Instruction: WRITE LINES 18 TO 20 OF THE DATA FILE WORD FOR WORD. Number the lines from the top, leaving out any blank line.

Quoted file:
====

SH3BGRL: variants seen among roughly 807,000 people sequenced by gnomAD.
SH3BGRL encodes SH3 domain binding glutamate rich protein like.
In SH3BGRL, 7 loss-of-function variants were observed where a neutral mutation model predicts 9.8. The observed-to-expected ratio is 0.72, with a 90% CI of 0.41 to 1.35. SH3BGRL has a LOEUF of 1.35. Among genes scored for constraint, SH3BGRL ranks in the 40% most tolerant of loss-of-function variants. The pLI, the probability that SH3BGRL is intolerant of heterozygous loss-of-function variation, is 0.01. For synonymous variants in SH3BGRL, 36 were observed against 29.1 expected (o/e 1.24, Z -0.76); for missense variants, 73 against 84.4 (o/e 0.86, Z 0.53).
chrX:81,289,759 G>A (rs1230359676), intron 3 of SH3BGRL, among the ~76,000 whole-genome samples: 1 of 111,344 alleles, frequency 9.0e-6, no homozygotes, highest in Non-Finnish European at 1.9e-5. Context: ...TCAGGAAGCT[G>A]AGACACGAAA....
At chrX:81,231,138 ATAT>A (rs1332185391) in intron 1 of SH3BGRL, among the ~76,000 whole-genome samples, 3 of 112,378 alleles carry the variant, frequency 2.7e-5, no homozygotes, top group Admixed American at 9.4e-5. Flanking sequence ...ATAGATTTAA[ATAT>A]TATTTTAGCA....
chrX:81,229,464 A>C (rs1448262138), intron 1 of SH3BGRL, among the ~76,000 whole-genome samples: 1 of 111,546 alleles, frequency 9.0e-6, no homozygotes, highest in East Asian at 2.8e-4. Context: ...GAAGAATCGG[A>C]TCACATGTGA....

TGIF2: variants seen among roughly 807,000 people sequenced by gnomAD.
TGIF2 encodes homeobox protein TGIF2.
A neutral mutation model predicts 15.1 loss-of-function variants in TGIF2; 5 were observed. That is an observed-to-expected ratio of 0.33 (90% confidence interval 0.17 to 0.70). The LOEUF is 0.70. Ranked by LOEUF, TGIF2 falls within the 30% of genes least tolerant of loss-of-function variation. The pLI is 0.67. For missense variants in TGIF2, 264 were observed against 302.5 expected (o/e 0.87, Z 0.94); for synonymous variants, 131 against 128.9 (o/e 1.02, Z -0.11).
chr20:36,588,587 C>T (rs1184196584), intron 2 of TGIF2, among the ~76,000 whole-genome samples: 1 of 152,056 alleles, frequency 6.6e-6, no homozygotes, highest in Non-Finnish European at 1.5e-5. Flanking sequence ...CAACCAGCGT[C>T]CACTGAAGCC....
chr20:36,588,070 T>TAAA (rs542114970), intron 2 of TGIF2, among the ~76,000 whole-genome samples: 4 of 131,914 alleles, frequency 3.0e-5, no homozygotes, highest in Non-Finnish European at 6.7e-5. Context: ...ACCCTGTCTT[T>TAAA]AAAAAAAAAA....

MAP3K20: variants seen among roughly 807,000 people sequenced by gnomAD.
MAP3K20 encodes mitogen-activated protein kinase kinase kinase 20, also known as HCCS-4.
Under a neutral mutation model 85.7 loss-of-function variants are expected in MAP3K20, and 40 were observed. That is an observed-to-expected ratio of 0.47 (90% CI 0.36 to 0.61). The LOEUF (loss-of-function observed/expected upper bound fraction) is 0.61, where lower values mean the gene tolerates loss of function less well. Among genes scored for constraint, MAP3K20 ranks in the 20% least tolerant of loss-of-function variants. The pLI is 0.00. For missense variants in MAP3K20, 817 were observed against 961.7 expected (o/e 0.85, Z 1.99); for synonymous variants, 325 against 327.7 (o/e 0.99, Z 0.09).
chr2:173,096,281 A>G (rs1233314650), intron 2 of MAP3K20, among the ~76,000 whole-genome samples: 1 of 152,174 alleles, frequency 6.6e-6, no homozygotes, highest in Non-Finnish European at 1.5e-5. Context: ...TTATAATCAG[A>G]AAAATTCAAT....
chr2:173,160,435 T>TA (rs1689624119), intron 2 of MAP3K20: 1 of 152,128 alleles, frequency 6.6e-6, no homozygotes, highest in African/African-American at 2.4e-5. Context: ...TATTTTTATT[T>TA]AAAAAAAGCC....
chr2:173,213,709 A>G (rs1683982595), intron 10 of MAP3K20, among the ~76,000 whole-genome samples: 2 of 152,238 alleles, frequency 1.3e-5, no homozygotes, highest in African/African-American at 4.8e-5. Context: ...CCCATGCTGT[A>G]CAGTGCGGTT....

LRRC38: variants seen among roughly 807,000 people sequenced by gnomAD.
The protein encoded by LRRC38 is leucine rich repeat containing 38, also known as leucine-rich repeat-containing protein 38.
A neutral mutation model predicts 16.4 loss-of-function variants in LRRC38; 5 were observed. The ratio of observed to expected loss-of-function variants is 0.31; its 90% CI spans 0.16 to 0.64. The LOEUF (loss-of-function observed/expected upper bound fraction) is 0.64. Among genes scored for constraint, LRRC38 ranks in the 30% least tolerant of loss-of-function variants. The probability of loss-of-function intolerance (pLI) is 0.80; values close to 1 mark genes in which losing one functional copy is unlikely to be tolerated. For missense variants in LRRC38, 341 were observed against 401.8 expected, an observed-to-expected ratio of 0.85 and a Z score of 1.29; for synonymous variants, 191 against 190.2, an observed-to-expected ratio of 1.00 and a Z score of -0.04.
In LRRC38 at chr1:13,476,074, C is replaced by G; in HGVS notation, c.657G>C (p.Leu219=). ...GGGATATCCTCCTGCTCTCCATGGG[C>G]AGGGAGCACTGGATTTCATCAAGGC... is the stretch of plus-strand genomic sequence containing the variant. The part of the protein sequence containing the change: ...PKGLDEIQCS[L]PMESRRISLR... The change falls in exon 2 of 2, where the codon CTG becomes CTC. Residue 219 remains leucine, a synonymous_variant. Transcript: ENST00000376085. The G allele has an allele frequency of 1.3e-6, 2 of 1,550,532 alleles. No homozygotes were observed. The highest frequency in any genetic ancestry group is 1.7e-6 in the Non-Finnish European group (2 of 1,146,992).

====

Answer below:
LRRC38: variants seen among roughly 807,000 people sequenced by gnomAD.
The protein encoded by LRRC38 is leucine rich repeat containing 38, also known as leucine-rich repeat-containing protein 38.
A neutral mutation model predicts 16.4 loss-of-function variants in LRRC38; 5 were observed. The ratio of observed to expected loss-of-function variants is 0.31; its 90% CI spans 0.16 to 0.64. The LOEUF (loss-of-function observed/expected upper bound fraction) is 0.64. Among genes scored for constraint, LRRC38 ranks in the 30% least tolerant of loss-of-function variants. The probability of loss-of-function intolerance (pLI) is 0.80; values close to 1 mark genes in which losing one functional copy is unlikely to be tolerated. For missense variants in LRRC38, 341 were observed against 401.8 expected, an observed-to-expected ratio of 0.85 and a Z score of 1.29; for synonymous variants, 191 against 190.2, an observed-to-expected ratio of 1.00 and a Z score of -0.04.